# Hiding code blocks in literate programming blogs

Posted on January 9, 2019

Writing a blogpost in Literate Haskell makes it easier for readers to put the ideas of the blogpost into practice, by providing a code sample that is commented, compilable and error-free.

However, one annoyance is that such blogposts start with some setup code like this:

{-# LANGUAGE Kitchen, TwoBedrooms, BigLivingRoom, Bathroom #-}
module House where
import Furniture (Bed, Sofa, KitchenSink)

This setup can get quite long, and my guess is that it does little for people familiar with Haskell, and it pushes away others who are unfamiliar with the language.

So if this is such noise, we can comment it out. Hopefully, we can freely mix HTML and Markdown (except on reddit).

There is some invisible code above this paragraph, but it’s in the Markdown source, in plain sight to a Haskell compiler, looking like this:

<!-- This is all an HTML comment.
\begin{code}
{-# LANGUAGE Kitchen, TwoBedrooms, BigLivingRoom, Bathroom #-}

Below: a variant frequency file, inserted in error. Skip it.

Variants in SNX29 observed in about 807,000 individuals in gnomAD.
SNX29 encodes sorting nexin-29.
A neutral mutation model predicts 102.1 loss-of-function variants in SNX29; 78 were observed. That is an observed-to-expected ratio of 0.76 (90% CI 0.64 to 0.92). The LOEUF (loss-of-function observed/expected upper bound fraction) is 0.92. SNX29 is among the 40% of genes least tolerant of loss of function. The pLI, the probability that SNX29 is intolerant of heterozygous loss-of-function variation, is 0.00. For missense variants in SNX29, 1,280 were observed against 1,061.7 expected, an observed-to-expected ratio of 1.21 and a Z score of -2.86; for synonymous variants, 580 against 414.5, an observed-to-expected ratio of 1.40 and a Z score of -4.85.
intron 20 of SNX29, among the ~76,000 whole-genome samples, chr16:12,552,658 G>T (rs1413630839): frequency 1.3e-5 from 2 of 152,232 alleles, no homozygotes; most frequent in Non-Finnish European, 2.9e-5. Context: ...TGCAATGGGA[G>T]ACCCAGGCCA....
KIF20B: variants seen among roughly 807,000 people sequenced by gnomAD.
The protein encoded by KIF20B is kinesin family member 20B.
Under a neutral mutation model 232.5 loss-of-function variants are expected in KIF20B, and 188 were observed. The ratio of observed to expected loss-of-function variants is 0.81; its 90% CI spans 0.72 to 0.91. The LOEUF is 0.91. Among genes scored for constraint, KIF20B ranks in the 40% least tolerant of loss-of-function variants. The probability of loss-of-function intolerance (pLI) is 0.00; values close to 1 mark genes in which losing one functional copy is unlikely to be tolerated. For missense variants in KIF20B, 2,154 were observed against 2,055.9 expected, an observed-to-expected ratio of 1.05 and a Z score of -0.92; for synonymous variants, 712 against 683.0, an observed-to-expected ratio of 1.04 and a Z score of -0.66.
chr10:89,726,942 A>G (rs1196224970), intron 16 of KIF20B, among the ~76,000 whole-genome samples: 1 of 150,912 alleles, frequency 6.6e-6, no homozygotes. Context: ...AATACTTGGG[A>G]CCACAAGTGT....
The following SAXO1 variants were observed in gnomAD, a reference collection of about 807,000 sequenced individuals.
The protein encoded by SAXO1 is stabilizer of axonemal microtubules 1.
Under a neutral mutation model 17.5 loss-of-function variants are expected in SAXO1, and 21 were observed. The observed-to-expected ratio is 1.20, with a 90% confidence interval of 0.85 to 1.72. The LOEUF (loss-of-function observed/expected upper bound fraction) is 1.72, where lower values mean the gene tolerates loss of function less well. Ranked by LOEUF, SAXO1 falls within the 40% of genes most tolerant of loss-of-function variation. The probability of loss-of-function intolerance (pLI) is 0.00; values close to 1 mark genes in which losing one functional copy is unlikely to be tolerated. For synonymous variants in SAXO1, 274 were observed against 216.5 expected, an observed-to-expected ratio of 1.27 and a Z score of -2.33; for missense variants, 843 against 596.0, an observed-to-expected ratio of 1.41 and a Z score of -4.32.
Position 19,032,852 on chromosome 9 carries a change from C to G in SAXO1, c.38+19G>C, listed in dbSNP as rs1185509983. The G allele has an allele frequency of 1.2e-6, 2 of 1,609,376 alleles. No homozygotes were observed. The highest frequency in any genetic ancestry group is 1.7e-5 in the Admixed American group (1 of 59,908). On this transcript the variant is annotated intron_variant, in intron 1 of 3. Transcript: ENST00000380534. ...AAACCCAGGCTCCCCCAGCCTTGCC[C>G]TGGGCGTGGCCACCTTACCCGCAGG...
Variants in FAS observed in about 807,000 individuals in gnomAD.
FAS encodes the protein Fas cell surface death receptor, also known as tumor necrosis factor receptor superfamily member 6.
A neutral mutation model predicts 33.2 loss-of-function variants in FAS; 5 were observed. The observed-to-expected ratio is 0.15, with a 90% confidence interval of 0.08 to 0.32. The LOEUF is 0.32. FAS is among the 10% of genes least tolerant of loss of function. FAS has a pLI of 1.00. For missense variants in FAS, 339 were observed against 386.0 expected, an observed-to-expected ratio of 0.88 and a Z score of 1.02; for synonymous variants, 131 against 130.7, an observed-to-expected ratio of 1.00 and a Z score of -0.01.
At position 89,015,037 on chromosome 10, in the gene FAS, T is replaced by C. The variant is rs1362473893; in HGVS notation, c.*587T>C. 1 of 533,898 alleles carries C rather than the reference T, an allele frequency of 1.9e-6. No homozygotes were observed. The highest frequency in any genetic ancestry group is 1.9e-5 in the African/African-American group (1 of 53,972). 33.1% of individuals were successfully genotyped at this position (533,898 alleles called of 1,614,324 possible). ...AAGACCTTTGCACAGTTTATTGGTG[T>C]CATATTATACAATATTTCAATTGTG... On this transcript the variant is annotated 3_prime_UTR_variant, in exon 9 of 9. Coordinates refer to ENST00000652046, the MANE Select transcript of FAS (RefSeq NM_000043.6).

module House where
import Furniture (Bed, Sofa, KitchenSink)
\end{code}
-->

In my opinion, it is occasionally useful to see that bit of code, so rather than definitely hiding it in a comment, I choose to put it in a collapsed section:

Extensions and imports for this Literate Haskell file
{-# LANGUAGE Kitchen, TwoBedrooms, BigLivingRoom, Bathroom #-}
module House where
import Furniture (Bed, Sofa, KitchenSink)

The source looks as follows. This is a plain HTML feature, no CSS or JavaScript nonsense: the <details> element.

<details class="code-details">
<summary>Extensions and imports for this Literate Haskell file</summary>
\begin{code}
{-# LANGUAGE Kitchen, TwoBedrooms, BigLivingRoom, Bathroom #-}
module House where
import Furniture (Bed, Sofa, KitchenSink)
\end{code}
</details>

There seems to be a common misconception that “moving stuff” on the web can only be implemented in JavaScript or with arcane CSS tricks. I certainly thought so for a while, so I’m writing this piece partly to dispel that notion, and make <details> a bit more well-known.